A fair amount of high-schoolers can handle a smartphone’s constant access to social media, but those forums can be especially dangerous for adolescents. Why, during the most vulnerable, insecure years of our children’s lives, would we put a device in their hands that allows them to compare themselves to everyone else nearly every minute of the day?  Thanks to social media, kids can see every party they weren’t invited to and every girl who racks up 500 likes on her selfie. I’d rather let my kids remain blissfully unaware of the latest swimsuit pic and rocking party.

I follow several of my kids’ friends on Instagram and even more of them follow my feed. While most of the older teens offer happy, interesting updates, the majority of younger kids (with a few lovely exceptions) seem to be screaming, “Like me, like me, like me!”

My 13-year-old tells me several of his classmates talk about the latest Instagram or Snapchat or Twitter post all day long. I know his lack of a phone leaves him out of the loop, but it’s a loop he’s glad to be out of. He spends plenty of time with friends who appreciate him simply for himself and he’s too happy to worry about how other kids spent their weekend. Besides, studies confirm, kids who are socially precocious at 13 deal with serious consequences later. That pattern has held true for every one of my children—they aren’t the cool kids in junior high, but the interpersonal skills they develop at home and with trusted friends pay off in high school.

It’s hard enough for adults to manage a smartphone, but for kids with developing brains, those constant distractions can be dangerous. One child might be ready to own a smartphone at 16, but will his younger sibling have the same impulse control when he gets to the same age? It’s easier to make a rule for the entire family rather than make one child feel singled out.

Our friend’s son recently confessed a pornography addiction to his parents. Since he was primarily accessing porn on his phone, the boy willingly relinquished his iPhone to his parents. His mother told me she desperately wishes she’d never given him a smartphone in the first place. In this boy’s case, without a smartphone he might have avoided a pornography addiction. For many other kids, holding off on buying a smartphone might help them concentrate on schoolwork, improve face to face social skills, or simply make better use of time.  Sure, you can block websites and even the Internet on a smartphone, but people can text pornographic images to your child any time. My boys are often involved in group texts with dozens of people. Images are sent during those conversations, but their “dumb“ phones translate them into web links (which they could look up, but they never bother).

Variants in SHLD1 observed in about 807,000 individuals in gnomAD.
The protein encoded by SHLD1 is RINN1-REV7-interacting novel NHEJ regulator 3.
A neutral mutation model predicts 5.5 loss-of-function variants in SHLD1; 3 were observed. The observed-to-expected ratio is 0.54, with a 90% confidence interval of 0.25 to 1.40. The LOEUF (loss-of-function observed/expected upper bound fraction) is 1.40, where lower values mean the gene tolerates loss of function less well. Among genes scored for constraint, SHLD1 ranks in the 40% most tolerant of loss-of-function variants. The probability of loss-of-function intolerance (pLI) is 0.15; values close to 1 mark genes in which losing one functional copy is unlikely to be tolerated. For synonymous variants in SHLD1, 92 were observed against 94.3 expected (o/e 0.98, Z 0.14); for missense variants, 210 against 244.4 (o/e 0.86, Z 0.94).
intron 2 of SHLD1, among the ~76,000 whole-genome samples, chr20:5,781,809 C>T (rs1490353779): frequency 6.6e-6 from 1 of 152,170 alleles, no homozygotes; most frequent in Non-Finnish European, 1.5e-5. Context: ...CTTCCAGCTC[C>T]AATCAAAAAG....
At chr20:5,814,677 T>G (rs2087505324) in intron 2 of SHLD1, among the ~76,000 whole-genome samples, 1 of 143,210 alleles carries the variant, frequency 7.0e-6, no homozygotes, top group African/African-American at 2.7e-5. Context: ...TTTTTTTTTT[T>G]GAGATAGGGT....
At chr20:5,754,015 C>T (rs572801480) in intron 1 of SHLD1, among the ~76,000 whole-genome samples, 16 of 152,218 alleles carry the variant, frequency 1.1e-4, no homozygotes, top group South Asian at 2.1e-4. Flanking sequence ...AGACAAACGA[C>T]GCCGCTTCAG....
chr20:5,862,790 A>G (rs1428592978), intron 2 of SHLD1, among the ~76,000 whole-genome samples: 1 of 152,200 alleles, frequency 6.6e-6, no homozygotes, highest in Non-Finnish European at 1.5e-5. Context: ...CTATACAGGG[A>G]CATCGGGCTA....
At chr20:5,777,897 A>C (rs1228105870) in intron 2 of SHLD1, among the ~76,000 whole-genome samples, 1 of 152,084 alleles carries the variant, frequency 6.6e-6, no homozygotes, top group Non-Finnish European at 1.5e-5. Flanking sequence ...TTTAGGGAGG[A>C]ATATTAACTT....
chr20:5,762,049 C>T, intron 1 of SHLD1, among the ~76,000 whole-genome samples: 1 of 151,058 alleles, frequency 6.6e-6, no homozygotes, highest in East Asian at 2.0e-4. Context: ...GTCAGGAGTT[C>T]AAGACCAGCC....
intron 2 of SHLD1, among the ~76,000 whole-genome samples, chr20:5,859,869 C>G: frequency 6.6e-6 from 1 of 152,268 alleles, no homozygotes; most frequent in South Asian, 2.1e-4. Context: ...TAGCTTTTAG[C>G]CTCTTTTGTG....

Many times it’s during a group text that someone sends a shocking image.  This just happened in a group text of over 200 kids who were planning a senior prank. One kid posted the sort of selfie no one wanted to see. For the kids with smartphones, the image popped right up, but the kids with basic phones only saw the text of a web link. Additionally, kids with basic phones are simply putting less of their lives on the internet, and that lack of sharing protects them.

As I said before, I promise I’m not judging anyone who hands his or her kids the latest iPhone. Several of my favorite teens carry one in their pocket. But if you buy your teens little red flip phones, I promise they won’t be alone. And they’ll probably thank you for it.

QUESTION: How have your children been affected by smartphones? What are your family’s policies regarding smartphone use?

CHALLENGE: Talk with your children about the advantages and disadvantages of using smartphones. If appropriate, set goals to help each other make positive changes in your mobile phone use.

Edited by Sarah Monson and Amanda Lewis.
Image from FreeDigitalPhotos/cooldesign. Graphics by Anna Jenkins.
Originally published on July 23, 2015.